Nothing to lose

I want to continue my Rob Deer / favorite losses series of chess posts. However, I can’t seem to find the score I’m looking for – a loss to John Kirby in which I played a piece sacrifice that literally caused one spectator’s jaw to drop open in surprise. (Unfortunately, obviously, the sacrifice didn’t work.)

Fear of losing is a real killer in chess. Freedom from fear is a big factor in creativity and, ultimately, in achieving good results. When you’re the statistical underdog by a huge margin, that tends to provide just that sort of freedom. After all, if I lose to an IM, who’s surprised?

Slater (1989) – IM Foygel (2489), Metrowest Chess Club 20051.e4 g6 2.d4 Bg7 3.Nc3 c6 4.Nf3 d6 5.h3 Nd7 6.Be2 Qc7 7.0-0 Ngf6 8.a4 a5 9.Re1 0-0 10.Be3 Rd8 11.Qd2 e5 12.Rad1 exd4 13.Bxd4 Nf8foygel.gif
White is going to sacrifice a couple of pawns here in exchange for a very active rook on Black’s back rank. And some vague threats against f8 and f7. I should note here that Igor has beaten me in 9 rated games, many of them quite ugly thrashings. Why not swing for the fences? As I noted earlier, every once in a while Rob hit one out. In this case I am luckily aided by an apparent oversight – I think Igor simply overlooked 21.Bd3.
14.e5 dxe5 15.Bxe5 Rxd2 16.Bxc7 Rxc2 17.Rd8 Rxb2 18.Ne5 Rc2 19.Nb1 Nd5 20.Bd6 b5 21.Bd3 Rb2 22.Nxc6 Bb7 23.Rxa8 Bxa8 24.Bxb5 Ne6 25.Rd1 Bxc6 26.Bxc6 Nb4 27.Bb5 Bd4 28.Nd2 Nd5 29.Ne4 Nc3 1/2-1/2.
Even here, if he played on it’s likely that he would end up crushing me. But we were both short on time and he perhaps decided to avoid potential accidents, since I have the two bishops.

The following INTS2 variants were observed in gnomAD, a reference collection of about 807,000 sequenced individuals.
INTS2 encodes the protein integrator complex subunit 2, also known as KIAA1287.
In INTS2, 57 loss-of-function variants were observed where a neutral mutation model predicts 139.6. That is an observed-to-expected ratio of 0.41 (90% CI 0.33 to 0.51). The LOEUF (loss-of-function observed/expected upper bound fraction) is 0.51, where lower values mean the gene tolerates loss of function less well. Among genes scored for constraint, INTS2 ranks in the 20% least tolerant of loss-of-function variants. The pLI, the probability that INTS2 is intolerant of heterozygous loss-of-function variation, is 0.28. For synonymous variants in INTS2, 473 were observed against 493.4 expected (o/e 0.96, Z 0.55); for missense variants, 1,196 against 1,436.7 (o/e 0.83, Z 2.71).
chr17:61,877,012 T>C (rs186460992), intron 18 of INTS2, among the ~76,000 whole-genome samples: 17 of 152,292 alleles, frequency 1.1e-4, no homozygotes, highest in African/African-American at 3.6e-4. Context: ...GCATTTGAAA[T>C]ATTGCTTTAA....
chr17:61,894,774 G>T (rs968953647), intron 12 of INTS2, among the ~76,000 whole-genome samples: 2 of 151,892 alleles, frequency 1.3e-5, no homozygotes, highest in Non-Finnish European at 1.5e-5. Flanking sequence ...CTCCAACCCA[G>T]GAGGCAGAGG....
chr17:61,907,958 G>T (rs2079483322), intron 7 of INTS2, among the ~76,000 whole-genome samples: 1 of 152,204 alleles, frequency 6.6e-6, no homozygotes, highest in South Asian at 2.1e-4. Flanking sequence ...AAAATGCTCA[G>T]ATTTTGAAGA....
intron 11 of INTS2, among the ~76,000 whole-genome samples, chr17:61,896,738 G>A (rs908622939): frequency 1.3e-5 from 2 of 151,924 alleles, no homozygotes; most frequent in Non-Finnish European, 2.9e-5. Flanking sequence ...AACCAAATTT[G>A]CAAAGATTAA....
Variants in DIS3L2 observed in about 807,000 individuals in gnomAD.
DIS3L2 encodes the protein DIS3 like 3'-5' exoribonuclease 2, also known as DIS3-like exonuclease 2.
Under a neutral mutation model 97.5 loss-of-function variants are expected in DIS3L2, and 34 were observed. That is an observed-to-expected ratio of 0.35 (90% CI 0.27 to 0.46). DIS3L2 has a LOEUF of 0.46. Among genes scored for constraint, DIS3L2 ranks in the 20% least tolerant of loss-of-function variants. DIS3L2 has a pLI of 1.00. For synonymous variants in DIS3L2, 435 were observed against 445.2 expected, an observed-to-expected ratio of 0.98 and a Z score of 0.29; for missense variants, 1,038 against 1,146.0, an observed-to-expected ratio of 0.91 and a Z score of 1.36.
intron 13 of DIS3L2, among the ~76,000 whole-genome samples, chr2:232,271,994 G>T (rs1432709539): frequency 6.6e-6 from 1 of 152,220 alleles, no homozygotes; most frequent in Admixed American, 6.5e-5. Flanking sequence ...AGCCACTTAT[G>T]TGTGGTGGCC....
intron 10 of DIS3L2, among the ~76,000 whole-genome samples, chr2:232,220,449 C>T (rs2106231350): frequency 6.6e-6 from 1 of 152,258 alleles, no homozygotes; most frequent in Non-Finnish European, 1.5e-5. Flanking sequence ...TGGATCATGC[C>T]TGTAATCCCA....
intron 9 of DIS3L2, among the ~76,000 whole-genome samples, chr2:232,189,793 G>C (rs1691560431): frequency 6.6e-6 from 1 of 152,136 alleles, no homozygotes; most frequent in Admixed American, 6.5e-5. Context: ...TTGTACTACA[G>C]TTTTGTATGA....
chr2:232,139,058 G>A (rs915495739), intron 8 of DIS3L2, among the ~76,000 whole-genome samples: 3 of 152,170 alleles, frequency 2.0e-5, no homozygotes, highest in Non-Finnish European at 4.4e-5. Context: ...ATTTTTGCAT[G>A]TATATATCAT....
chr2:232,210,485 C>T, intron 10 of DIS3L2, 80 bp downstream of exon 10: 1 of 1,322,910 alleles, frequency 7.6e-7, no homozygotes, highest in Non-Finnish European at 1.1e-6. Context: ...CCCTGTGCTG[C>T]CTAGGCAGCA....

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6 thoughts on “Nothing to lose

  1. sometimes i play without fear of losing, and then i lose, and i realize i really didn’t want to lose and i suck. this makes it difficult to play the next game without fear of losing…

  2. Aha, but this is the big mental trick. People say they play defensively or passively “because I didn’t want to lose.” And yet they lose anyway! So playing defensively doesn’t help!
    As I said during North Carolina’s dark years in basketball – if you’re going to stink either way, you might as well be interesting to watch. (That was my argument for starting Brian Morrison, who was wildly erratic but also the only exciting player on the team.)

  3. yeah, good philosophy. i’m gonna lose anyway, might as well go out with a flash and a bang and look good losing…

  4. CL, I don’t get the impression that you play scared much!

    Sometimes fear of losing has caused me to play passively. Once I sent a game score (a draw with Al Ward, 1850ish) to Tim Newman and simply commented that none of my pieces had gone past the fourth rank. Such a clear observation of tentative play on my part. On the other hand, more often it causes me to race. Instead of playing …b6 and getting developed, I rush in with the immediate …b5 and it destablizes my position too quickly. Guess hyperactive play can be a manifestation of fear too. Just try to play good moves, Derek! :)

  5. hi Derek, nice game and congratulations for the draw… It is hard to draw with IMs (I only have one in my pocket).

    BTW I answered your interesting comment about the variation with Qc7, please check it out!

    Cheers,
    T.

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